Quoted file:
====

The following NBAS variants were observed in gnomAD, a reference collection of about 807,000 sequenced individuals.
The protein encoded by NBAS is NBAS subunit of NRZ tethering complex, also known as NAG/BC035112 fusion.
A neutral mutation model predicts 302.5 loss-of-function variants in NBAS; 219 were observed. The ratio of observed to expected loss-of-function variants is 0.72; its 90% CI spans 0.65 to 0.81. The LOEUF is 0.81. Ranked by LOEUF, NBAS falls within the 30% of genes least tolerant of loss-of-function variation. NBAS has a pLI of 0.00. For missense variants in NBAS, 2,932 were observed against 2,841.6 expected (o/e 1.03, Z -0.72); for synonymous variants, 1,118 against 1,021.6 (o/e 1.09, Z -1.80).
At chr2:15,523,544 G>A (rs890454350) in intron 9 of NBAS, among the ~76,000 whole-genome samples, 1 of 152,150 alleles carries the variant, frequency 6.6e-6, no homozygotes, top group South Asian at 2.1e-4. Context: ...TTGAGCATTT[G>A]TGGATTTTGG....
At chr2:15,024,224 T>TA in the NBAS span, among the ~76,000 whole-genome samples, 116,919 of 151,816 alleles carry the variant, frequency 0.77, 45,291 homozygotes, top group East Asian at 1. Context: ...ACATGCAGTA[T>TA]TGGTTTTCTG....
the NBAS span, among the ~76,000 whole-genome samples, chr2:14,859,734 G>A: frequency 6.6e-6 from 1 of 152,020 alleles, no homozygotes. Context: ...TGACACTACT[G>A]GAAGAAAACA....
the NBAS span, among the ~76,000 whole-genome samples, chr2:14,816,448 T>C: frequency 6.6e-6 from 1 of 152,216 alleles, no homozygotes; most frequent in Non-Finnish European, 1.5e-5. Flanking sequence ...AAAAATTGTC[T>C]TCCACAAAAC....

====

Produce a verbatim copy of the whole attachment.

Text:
The following NBAS variants were observed in gnomAD, a reference collection of about 807,000 sequenced individuals.
The protein encoded by NBAS is NBAS subunit of NRZ tethering complex, also known as NAG/BC035112 fusion.
A neutral mutation model predicts 302.5 loss-of-function variants in NBAS; 219 were observed. The ratio of observed to expected loss-of-function variants is 0.72; its 90% CI spans 0.65 to 0.81. The LOEUF is 0.81. Ranked by LOEUF, NBAS falls within the 30% of genes least tolerant of loss-of-function variation. NBAS has a pLI of 0.00. For missense variants in NBAS, 2,932 were observed against 2,841.6 expected (o/e 1.03, Z -0.72); for synonymous variants, 1,118 against 1,021.6 (o/e 1.09, Z -1.80).
At chr2:15,523,544 G>A (rs890454350) in intron 9 of NBAS, among the ~76,000 whole-genome samples, 1 of 152,150 alleles carries the variant, frequency 6.6e-6, no homozygotes, top group South Asian at 2.1e-4. Context: ...TTGAGCATTT[G>A]TGGATTTTGG....
At chr2:15,024,224 T>TA in the NBAS span, among the ~76,000 whole-genome samples, 116,919 of 151,816 alleles carry the variant, frequency 0.77, 45,291 homozygotes, top group East Asian at 1. Context: ...ACATGCAGTA[T>TA]TGGTTTTCTG....
the NBAS span, among the ~76,000 whole-genome samples, chr2:14,859,734 G>A: frequency 6.6e-6 from 1 of 152,020 alleles, no homozygotes. Context: ...TGACACTACT[G>A]GAAGAAAACA....
the NBAS span, among the ~76,000 whole-genome samples, chr2:14,816,448 T>C: frequency 6.6e-6 from 1 of 152,216 alleles, no homozygotes; most frequent in Non-Finnish European, 1.5e-5. Flanking sequence ...AAAAATTGTC[T>C]TCCACAAAAC....